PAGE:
The field of candidates for the GOP nomination for President got a little more palatable to libertarians today when former New Mexico Governor Gary Johnson announced his candidacy for President at an event in New Hampshire:
Gary Johnson is running for president.
The former New Mexico governor — who favors legalizing marijuana — on Thursday skipped the step of an exploratory committee, saying bluntly on Twitter: “I am running for president.”
That coincided with a speech in front of the New Hampshire statehouse, which made Johnson the first Republican to launch an official presidential campaign. On his new campaign website, Johnson positions himself as “The People’s President,” laying out libertarian-leaning stances on deficit reduction, education, taxes and drug policy.
The campaign went live with a website almost immediately after Johnson began speaking this morning, and his Issues page will give you an idea of just how different Johnson is from most of the other likely candidates on the GOP side:
Gary’s track record speaks volumes.
He has been an outspoken advocate for efficient government, lower taxes, winning the war on drug abuse, protection of civil liberties, revitalization of the economy and promoting entrepreneurship and privatization.
As Governor of New Mexico, Johnson was known for his common-sense business approach to governing. He eliminated New Mexico’s budget deficit, cut the rate of growth in state government in half and privatized half of the state prisons.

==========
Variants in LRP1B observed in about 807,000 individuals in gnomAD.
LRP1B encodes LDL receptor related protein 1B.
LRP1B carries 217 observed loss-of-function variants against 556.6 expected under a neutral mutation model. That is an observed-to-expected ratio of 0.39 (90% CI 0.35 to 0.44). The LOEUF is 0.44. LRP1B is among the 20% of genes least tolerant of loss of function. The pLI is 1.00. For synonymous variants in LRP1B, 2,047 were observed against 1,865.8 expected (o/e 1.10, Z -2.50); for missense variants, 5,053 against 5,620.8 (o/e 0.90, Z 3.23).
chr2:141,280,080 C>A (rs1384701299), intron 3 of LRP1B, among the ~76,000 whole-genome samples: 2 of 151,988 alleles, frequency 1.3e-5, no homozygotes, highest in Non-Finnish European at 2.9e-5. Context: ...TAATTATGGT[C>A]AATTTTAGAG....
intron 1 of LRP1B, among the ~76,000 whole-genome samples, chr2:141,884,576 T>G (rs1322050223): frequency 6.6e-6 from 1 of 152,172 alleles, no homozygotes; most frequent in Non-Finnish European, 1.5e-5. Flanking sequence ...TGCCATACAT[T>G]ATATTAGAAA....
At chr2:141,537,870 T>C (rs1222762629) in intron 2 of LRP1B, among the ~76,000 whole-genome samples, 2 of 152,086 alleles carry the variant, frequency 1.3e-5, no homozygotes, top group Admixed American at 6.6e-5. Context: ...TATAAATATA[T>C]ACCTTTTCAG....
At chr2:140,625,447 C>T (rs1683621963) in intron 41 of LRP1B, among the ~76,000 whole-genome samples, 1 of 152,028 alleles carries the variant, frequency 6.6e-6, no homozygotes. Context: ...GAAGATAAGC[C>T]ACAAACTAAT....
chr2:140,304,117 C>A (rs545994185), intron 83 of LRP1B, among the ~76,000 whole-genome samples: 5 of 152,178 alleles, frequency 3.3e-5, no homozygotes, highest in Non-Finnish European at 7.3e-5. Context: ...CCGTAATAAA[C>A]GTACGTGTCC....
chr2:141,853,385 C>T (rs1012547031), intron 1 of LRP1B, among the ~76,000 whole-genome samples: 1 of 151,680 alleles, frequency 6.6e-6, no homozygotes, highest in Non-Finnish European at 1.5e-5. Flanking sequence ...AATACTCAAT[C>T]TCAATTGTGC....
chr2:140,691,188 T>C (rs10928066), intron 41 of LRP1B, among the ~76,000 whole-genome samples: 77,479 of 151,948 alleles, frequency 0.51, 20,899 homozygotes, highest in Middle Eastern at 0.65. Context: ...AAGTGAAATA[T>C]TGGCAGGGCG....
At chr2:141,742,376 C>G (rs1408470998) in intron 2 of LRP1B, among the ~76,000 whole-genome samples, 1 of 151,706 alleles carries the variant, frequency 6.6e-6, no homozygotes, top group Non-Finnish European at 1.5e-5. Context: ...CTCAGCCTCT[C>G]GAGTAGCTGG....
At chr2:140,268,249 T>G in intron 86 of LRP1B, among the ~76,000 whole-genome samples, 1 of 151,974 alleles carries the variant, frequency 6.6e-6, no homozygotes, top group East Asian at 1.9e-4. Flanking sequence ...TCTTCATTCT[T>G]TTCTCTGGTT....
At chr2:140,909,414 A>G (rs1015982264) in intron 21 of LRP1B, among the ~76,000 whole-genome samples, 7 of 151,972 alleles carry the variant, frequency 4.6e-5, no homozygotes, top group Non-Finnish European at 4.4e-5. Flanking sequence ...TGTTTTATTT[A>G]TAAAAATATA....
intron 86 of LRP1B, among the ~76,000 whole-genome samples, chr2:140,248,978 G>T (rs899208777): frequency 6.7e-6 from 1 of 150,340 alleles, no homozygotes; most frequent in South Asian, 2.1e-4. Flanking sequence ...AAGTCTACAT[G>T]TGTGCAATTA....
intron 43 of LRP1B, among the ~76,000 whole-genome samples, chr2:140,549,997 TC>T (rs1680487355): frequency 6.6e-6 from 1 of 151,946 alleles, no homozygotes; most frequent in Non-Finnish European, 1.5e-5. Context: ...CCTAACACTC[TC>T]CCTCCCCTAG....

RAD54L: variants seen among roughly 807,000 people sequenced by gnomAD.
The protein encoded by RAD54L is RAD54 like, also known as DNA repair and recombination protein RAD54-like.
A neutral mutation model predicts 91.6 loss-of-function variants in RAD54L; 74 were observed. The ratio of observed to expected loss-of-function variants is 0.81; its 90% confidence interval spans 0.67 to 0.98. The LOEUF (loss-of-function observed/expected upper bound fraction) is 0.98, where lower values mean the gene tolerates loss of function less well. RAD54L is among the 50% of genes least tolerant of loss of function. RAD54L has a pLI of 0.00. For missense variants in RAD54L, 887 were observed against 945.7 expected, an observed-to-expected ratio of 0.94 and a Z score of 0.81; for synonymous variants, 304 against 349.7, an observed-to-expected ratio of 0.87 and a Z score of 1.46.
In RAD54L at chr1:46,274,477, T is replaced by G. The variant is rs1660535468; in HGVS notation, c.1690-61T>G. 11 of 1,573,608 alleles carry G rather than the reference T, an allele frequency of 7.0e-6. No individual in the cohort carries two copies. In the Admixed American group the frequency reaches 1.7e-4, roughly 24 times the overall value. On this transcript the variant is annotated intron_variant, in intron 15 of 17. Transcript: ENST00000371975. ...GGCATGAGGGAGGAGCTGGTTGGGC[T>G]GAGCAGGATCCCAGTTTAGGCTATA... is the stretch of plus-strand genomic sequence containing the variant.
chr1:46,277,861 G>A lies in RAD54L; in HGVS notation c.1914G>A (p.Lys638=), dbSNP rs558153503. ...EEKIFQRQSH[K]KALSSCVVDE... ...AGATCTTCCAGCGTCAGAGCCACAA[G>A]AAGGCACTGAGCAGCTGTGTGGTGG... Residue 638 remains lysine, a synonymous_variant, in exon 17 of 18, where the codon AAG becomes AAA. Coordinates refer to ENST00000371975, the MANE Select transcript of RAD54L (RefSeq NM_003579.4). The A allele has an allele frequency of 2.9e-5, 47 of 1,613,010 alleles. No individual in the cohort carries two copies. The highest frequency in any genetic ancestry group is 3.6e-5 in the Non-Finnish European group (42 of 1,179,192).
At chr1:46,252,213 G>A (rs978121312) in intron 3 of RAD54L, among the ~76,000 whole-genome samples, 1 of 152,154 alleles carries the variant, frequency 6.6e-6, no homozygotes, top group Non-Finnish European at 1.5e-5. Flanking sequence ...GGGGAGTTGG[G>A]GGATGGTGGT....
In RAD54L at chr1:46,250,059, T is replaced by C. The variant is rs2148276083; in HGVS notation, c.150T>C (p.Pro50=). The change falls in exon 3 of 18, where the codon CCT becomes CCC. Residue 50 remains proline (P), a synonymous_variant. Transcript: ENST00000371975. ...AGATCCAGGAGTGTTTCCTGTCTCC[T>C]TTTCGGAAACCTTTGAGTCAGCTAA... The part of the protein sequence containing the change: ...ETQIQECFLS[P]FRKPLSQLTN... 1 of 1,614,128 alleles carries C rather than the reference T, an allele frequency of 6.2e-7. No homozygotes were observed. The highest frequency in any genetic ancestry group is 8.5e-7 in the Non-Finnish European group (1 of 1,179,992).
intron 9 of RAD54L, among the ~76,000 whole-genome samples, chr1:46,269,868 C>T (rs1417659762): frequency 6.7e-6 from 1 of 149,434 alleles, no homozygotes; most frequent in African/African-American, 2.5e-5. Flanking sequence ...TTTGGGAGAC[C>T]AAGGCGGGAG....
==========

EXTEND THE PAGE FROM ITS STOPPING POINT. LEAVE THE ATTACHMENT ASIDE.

Johnson isn’t likely to be the only libertarian-leaning Republican throwing his hat in the ring. It’s becoming rather apparent that Texas Congressman Ron Paul, who became an unlikely superstar during the 2008 campaign will throw his hat in the ring once again. If that happens, then Paul and Johnson would be essentially competing for the same voters and, as Slate’s David Weigel notes, Johnson would need to find a way to differentiate himself from Paul, who is not viewed very favorably by Republicans outside of his own followers.
Personally, I think Johnson is a better standard bearer for libertarian-leaning Republicans than Ron Paul for a whole host of reasons. For one thing, he’s younger, which is no small thing when you’re talking about a Presidential campaign. While he was able to hold large rallies on college campuses across the country, Ron Paul didn’t seem to have much enthusiasm in 2008 for the kind of retail politics that you have to engage in when you’re running for President.
The other thing that differentiates Johnson from Paul is that Johnson doesn’t come with any baggage. The topic of Ron Paul’s support from extremist, racist, groups and the long history of the newsletter that he published in between his two stints in Congress were frequently discussed here during the 2008 campaign and they were, I think, one of the reasons that Paul wasn’t taken seriously outside of his energetic circle of supporters, many of whom behaved in a way that quite frankly was an embarrassment to the guy they were supporting. Johnson has none of that. Instead he has a successful business career and eight years as a Republican Governor in a state that, at the time, still leaned Democratic. He vetoed more bills than any other Governor. He came out in favor of marijuana legalization while he was in office. Heck, the guy climbed Mount Everest. That all makes for a compelling media story, all without the weird Ron Paul like baggage.
There’s no doubt that Johnson has an uphill fight ahead of him. His name recognition among likely Republican voters is in the teens, and his name hasn’t been included in most recent polls, although that’s likely to change now. However, he’s got a unique message and a solid record. Keep an eye on this guy.
Here’s the video of today’s announcement: